Boondocking Basics

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Is Stealth Camping Illegal?

Is Stealth Camping Illegal?


Yes, stealth camping is illegal in most cities. It has nothing to do with being stealthy, but just the fact that you’re camping within city limits, or sleeping in a vehicle overnight.

is stealth camping illegal
Overnight parking at an industrial park in Bakersfield, CA

Is Stealth Camping Illegal?

Most cities have laws against camping within their borders. They also have laws against sleeping in your vehicle, or sleeping overnight in your vehicle. This make stealth camping illegal for all intents and purposes. Many cities also have made it illegal to park your car along city streets between the hours of 2:00 AM to 5:00 AM. Police and parking enforcement can use these laws to evict you from your parking spot, or even cite you with a ticket.

City laws still apply to private property. That means it is technically illegal to park overnight at a Walmart, or a Camping World, or even a Costco. That also includes camping on your own private property. See our other article, “Is it Illegal to Live in a Tent in Your Backyard?

Stealth Camping is Only Illegal if You Get Caught

Even though cities have laws that make it impossible for stealth camping, not all cities enforce these laws. Generally, only the larger cities enforce them. This is because large cities have a bigger problem with homelessness and people living in vehicles. People who stealth camp at a small town Walmart typically don’t get bothered. Meanwhile, those who stealth camp at a Walmart in a very large city, is more likely to get asked to leave.

How to Get Away with Stealth Camping

If police or parking enforcement can’t see you inside your vehicle, they will keep driving along…

  • Shade your windows to block out light – Use Reflectix (see it on Amazon) to block light from escaping from your windows. Turn off any unneeded lighting in your RV or vehicle. If police can’t see light, they will assume your vehicle is empty inside.
  • Don’t make loud noises – Keep your television or radio turned down low. Don’t throw a party inside your RV.
  • Don’t run your generator – A running generator obviously means that you’re inside your RV.
  • Keep your camping equipment put away – Don’t put out your chairs, tables, patio mat, and don’t
  • Don’t unhitch your trailer – Unhitched trailers are generally considered to be “stored” as opposed to “parked”. Street curbs are not allowed to be used to store vehicles.
  • Make sure there are no signs prohibiting parking – This should be obvious.
  • Use Industrial Parks and Business Parks – Police and parking enforcement put more of their efforts in neighborhoods, retail centers, and tourist areas. Meanwhile, industrial parks and business parks are less of a problem due to so many trucks moving in and out of those areas.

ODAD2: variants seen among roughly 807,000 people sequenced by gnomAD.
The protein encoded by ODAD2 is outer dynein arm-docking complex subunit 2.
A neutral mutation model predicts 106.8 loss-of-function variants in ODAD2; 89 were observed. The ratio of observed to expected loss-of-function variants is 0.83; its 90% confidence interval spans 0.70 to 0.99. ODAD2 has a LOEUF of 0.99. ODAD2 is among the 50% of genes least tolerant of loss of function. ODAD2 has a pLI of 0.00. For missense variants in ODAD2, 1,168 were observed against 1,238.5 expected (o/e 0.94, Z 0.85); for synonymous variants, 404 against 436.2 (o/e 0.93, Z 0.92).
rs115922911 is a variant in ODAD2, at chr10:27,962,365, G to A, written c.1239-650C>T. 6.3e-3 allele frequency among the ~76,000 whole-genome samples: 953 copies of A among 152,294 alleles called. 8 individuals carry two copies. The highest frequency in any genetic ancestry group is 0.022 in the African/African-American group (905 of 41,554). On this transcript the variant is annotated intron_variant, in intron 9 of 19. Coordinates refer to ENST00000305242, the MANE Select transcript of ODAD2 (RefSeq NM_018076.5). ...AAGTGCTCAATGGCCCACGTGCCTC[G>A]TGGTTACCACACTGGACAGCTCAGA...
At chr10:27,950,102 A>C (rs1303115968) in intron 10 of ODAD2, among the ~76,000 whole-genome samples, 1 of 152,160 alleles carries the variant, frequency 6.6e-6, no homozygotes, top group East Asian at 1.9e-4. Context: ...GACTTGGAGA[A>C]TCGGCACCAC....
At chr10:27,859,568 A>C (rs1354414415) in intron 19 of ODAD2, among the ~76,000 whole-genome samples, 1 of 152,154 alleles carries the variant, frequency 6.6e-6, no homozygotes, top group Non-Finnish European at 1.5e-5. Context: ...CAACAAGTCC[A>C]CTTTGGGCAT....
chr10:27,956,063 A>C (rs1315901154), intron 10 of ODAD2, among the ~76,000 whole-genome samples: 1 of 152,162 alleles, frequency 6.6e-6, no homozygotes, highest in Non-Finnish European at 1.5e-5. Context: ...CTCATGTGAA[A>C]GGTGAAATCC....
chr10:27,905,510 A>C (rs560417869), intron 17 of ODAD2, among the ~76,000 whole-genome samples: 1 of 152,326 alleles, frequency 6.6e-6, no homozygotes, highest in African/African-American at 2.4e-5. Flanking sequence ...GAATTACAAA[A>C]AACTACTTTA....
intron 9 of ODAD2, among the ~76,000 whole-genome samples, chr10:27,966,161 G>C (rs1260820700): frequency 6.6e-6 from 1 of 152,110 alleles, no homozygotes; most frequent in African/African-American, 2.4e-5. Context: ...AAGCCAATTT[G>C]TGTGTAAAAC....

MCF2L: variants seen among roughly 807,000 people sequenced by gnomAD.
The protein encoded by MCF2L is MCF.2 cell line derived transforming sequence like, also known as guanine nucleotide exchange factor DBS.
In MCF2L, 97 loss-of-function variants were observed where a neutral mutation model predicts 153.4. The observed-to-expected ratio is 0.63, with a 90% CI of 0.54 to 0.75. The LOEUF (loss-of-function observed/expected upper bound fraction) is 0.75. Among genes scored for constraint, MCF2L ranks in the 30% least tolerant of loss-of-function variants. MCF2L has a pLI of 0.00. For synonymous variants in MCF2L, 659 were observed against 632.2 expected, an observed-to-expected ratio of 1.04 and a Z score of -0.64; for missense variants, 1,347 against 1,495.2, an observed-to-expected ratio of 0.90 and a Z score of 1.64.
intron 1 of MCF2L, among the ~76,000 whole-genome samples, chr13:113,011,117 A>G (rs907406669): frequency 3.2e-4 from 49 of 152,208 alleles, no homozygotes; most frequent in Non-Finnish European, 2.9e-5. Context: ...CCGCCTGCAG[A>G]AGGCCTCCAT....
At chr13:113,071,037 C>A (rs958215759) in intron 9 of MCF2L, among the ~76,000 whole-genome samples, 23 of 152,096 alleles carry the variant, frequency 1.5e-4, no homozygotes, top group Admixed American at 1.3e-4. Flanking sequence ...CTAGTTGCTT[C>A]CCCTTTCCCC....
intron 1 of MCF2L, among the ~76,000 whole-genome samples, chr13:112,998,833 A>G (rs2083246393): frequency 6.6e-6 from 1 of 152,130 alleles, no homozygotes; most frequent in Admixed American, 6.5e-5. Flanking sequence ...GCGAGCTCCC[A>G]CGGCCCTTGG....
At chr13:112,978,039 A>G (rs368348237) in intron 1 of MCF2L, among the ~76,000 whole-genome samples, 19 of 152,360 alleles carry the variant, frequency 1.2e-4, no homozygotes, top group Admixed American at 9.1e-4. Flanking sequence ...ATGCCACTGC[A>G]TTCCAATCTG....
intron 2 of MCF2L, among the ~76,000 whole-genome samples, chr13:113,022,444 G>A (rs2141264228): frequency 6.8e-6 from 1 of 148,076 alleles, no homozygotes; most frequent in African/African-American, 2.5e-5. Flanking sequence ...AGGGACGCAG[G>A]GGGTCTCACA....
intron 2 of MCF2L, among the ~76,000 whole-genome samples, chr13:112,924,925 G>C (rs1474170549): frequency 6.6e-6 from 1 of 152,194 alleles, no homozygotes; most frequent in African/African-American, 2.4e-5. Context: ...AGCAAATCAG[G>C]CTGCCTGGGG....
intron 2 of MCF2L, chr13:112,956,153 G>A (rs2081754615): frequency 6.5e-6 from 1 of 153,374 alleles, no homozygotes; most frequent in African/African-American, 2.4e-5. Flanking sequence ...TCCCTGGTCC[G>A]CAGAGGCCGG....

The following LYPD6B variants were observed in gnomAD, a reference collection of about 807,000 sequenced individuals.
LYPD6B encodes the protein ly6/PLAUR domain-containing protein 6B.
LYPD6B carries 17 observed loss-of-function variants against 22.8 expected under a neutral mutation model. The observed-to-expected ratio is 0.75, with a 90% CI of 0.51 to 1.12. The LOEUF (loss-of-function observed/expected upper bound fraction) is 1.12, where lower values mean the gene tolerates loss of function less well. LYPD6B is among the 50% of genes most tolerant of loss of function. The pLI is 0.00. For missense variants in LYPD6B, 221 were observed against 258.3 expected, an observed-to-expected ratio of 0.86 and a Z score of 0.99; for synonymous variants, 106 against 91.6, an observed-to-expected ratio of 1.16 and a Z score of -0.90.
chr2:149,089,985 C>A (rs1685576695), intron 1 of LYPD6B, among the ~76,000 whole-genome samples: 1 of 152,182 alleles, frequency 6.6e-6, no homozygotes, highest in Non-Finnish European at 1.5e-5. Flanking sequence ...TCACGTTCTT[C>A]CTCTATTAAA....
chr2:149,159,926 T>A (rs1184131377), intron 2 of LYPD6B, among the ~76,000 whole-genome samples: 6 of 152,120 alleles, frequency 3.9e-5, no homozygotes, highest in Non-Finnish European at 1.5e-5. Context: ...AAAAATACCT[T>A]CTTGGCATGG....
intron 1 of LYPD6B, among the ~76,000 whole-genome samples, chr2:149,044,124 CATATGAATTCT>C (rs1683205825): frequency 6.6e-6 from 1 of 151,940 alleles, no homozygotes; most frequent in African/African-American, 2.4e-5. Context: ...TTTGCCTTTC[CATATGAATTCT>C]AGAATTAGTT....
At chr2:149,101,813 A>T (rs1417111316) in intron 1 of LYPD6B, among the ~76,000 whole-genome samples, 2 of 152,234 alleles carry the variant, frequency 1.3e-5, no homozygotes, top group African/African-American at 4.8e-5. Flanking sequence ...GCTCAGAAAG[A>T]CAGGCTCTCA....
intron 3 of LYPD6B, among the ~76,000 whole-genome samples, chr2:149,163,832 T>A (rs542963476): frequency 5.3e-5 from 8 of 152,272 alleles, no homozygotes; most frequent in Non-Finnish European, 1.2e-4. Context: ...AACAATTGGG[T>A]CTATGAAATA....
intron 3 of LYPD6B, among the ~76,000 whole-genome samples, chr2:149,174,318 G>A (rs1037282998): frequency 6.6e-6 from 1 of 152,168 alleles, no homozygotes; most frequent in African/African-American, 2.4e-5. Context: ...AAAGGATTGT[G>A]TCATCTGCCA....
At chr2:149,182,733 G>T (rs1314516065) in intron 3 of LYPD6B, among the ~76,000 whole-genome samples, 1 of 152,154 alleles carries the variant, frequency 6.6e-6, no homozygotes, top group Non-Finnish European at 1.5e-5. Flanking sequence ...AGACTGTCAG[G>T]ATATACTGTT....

Don’t Stay Too Long

Stealth camping generally becomes a problem when you remain parked in the same spot for too long. If police or parking enforcement notice your vehicle has been there for several days, they will stop to investigate, which includes knocking on the door and shining a flashlight in your window. Try to find five or six places within town you can sleep overnight, and move every few days.

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2 thoughts on “Is Stealth Camping Illegal?”

  1. is it legal to park overnight in a parking lot that the building and lot are no longer in use but share the parking lot/land with a business that is in use?

    • Jo, if there is no fence, no barrier, and no signs prohibiting parking, then it is not illegal to park there overnight. Assuming the parking lot is owned by a business, it is therefore private property. However, that still does not make it illegal to park overnight there. To make it illegal, the owner either has to put up physical barrier preventing your access, or a sign that prohibits parking. If neither are there, you have done nothing illegal by being there. It will become illegal, however, if the owner demands that you leave and you refuse to do so. This is an issue of “trespass”, and is subject to the State’s laws on trespassing. Most states will recognize “implied consent”, which means it is implied that you have consent to enter if there are no barriers or signage preventing your entrance.


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